An engineer is someone who solves problems. To solve problems, engineers use a technique known as the engineering design process to perform experiments with objects that represent other things. This way they can visualize what will happen in the real scenario. To visualize how Biogen engineers were able to develop a container to transport drug-filled vials, students will use the steps in the engineering design process and a modification of the Egg Drop experiment to develop a solution to Biogens’ drug transport problem.
|8||CTE – Technology, Engineering and Design||Jacqueline Brown|
How do students find solutions to technological problems through the use of experimentation?
Time needed to gather or prepare materials
- 15 minutes
Time needed to facilitate activity
- 60 minutes
Time needed to wrap up/review activity
- 15 minutes
Standard TE01.1.04 Find solutions through use of experimentation to solve technological problems which has often been an essential useful strategy in scientific research.
What is an engineer? Simply put, an engineer is someone who solves problems. To help them solve problems, engineers use a problem-solving technique known as the Engineering Design Process. The Engineering Design Process is similar to other techniques you already use to solve problems in your daily life. It can be used to solve any type of problem. Watch the video, “Engineering a TACO Party!” to see how everyday problems can be solved using the Engineering Design Process.
Since its founding in 1978 as one of the world’s first global biotechnology companies, Biogen has led innovative scientific research. Biogen makes medication and vaccines to defeat devastating neurological diseases like Parkinson’s disease. Biogen technology and engineering capabilities have created novel ways to seamlessly move products from development to manufacturing with the intent of bringing its high-quality medicines to market faster. Recently, much has been written concerning what it has taken pharmaceutical companies, Pfizer and Moderna, to move vaccines for COVID-19 from development to manufacturing and ultimately to distribution sites within local communities. In order to move their product from one stage to the next, Biogen had to overcome several obstacles similar to the ones that have been overcome by Pfizer and Moderna. One obstacle that Biogen encountered when transporting their medications was the need to keep the medications in extremely cold and precise temperatures. If the medication is not stored in extremely cold temperatures, the medication will degrade and no longer be viable to give to the patient.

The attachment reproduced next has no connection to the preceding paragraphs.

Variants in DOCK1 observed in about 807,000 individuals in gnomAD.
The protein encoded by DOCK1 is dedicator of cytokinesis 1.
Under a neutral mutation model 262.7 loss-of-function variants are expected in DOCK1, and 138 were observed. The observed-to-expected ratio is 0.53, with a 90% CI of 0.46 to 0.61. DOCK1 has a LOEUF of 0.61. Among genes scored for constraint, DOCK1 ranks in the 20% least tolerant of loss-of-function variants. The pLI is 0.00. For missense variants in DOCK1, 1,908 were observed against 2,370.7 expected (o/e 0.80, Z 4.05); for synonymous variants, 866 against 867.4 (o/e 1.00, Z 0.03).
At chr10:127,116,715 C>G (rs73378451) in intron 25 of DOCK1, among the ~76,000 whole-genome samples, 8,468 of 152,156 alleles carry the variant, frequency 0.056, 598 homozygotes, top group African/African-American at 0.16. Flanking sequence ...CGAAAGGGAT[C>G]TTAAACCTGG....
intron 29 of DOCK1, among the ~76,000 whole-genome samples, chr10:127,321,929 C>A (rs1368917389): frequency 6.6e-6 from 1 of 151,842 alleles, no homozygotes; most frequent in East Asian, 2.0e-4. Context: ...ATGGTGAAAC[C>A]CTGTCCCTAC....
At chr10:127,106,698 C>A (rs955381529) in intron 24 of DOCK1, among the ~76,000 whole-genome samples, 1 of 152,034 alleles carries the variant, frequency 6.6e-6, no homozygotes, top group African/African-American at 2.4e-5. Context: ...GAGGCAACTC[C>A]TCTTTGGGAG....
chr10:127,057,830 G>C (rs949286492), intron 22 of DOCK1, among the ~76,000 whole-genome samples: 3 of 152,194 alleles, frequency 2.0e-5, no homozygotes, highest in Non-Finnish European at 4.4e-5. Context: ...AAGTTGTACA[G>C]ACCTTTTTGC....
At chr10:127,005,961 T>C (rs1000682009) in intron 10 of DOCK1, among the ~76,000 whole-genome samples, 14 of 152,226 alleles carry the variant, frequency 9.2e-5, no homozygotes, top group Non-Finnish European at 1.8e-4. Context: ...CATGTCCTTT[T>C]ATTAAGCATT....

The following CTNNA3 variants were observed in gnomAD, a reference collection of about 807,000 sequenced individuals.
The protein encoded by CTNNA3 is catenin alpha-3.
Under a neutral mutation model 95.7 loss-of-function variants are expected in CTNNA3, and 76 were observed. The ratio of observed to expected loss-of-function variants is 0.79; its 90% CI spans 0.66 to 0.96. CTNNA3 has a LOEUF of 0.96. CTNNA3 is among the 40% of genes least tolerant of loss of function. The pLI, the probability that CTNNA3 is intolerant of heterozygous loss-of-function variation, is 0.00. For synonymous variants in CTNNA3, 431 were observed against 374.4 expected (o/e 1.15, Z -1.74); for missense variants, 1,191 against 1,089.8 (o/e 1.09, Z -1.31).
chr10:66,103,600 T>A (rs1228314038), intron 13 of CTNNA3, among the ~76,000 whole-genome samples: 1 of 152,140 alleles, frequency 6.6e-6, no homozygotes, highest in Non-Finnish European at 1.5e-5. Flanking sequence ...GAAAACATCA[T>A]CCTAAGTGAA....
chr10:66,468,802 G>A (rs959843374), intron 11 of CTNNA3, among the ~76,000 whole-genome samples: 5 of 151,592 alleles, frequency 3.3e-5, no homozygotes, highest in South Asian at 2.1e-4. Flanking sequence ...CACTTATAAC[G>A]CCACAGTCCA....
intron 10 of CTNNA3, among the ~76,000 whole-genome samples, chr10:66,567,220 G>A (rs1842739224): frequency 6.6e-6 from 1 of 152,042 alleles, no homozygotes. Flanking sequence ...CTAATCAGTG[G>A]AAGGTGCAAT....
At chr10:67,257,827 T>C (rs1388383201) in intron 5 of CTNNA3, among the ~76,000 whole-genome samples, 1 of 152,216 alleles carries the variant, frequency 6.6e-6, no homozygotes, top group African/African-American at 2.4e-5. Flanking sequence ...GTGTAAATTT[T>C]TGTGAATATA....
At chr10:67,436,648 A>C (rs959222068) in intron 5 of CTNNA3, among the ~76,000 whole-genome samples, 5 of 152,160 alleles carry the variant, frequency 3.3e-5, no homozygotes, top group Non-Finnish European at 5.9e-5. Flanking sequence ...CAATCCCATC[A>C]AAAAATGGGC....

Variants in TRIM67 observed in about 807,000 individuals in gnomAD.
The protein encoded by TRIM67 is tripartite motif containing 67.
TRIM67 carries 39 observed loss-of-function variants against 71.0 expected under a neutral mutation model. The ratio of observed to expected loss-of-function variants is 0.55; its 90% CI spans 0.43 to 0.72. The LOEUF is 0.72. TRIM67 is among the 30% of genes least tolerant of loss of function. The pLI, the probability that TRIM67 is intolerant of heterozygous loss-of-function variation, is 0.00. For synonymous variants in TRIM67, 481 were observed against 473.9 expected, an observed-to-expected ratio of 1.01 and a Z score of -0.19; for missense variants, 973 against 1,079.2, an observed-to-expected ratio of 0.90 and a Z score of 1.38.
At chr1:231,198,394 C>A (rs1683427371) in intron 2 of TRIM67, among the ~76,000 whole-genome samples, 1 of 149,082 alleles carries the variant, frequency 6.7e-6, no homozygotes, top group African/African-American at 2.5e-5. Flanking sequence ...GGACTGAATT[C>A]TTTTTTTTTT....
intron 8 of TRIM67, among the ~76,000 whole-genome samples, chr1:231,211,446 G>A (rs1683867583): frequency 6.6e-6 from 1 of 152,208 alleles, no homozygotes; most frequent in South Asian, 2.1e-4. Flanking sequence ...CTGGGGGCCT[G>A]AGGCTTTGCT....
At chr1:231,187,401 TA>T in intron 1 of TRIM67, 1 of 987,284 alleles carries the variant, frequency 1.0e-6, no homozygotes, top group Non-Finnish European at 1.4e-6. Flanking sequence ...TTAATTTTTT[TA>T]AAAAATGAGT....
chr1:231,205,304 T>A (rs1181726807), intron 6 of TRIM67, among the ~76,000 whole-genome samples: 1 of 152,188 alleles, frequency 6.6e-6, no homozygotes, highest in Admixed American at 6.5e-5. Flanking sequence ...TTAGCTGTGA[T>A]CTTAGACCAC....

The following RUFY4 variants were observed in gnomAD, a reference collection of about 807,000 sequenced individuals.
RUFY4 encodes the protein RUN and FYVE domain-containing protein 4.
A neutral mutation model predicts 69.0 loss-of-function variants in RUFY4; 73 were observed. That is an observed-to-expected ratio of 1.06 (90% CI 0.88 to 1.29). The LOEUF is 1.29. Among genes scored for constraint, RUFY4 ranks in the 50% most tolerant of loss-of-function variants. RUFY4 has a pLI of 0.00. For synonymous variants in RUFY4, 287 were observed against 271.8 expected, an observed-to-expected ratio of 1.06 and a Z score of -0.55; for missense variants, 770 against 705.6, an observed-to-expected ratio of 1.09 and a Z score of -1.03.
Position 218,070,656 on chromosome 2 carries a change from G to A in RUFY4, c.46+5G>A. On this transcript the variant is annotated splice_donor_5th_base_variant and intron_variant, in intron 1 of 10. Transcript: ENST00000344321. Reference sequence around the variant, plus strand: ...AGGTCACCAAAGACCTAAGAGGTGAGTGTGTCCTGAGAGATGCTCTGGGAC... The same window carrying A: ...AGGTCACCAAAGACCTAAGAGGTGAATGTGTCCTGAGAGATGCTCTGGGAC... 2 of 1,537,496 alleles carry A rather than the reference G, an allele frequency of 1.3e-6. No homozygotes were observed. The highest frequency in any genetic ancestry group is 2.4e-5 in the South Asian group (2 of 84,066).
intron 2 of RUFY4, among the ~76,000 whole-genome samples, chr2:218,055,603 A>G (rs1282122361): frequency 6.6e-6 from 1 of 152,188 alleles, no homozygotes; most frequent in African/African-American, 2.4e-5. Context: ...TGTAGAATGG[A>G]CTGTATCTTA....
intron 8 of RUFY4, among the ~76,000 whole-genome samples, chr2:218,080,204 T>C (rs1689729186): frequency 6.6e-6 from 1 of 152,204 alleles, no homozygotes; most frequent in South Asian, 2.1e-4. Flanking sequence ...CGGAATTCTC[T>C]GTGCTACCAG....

Another major consideration is the cost to transport drugs at various stages in the production process. Biogen was able to ship the liquid form of their drug particles at very low temperatures using RoSS Shippers, rigid stainless steel boxes that hold and protect bags of liquid drug substance during the shipping/transporting process. The designers of the RoSS Shippers had to keep in mind the cost it takes to produce the container. Consideration of all costs involved in producing drugs are important because the costs may determine whether or not consumers are able to gain access to the drugs. Therefore, your task will be to build a container to transport an egg. The egg represents glass vials and the medication inside of them. You have no size restriction, but smaller containers allow you to fit more containers on the truck and move more eggs (medication) for less money. Hence, a cost is also associated with the size of the container.
Materials needed for this activity per class
Materials needed for this activity per team
- 60 centimeters of clear tape or masking tape
- 5 rubber bands of any size
- 10 paper clips
- 1 sheet of card stock
- 60 centimeters of twine
- 1 plastic egg (to be used as a substitute for the real egg during construction)
- 30 straws (flexible preferred, any diameter)
- 2 small (4 gallon) garbage bags
- 1 large egg (purchased near the Egg Drop test date)
- 2 foam cups (minimum 8.5 ounces)
- 1 foam bowl
- 1 meter of toilet paper
- 25 cotton balls
- Filler to make the plastic egg weigh 60 grams (marble, sand, salt, sugar, etc.)
- Scale to weigh plastic egg with filler
Worksheets and technology
- Group students in pairs or small groups of 2-3 students for best engagement.
- Students must be able to take out the plastic egg and insert the real egg without causing any change to their vessel design. They must think about accessibility when designing their vessels.
- Feel free to add any materials to the list for the students to use. This assignment is not restricted to the materials listed above.
- The prices (page 4) are arbitrary; feel free to adjust as needed.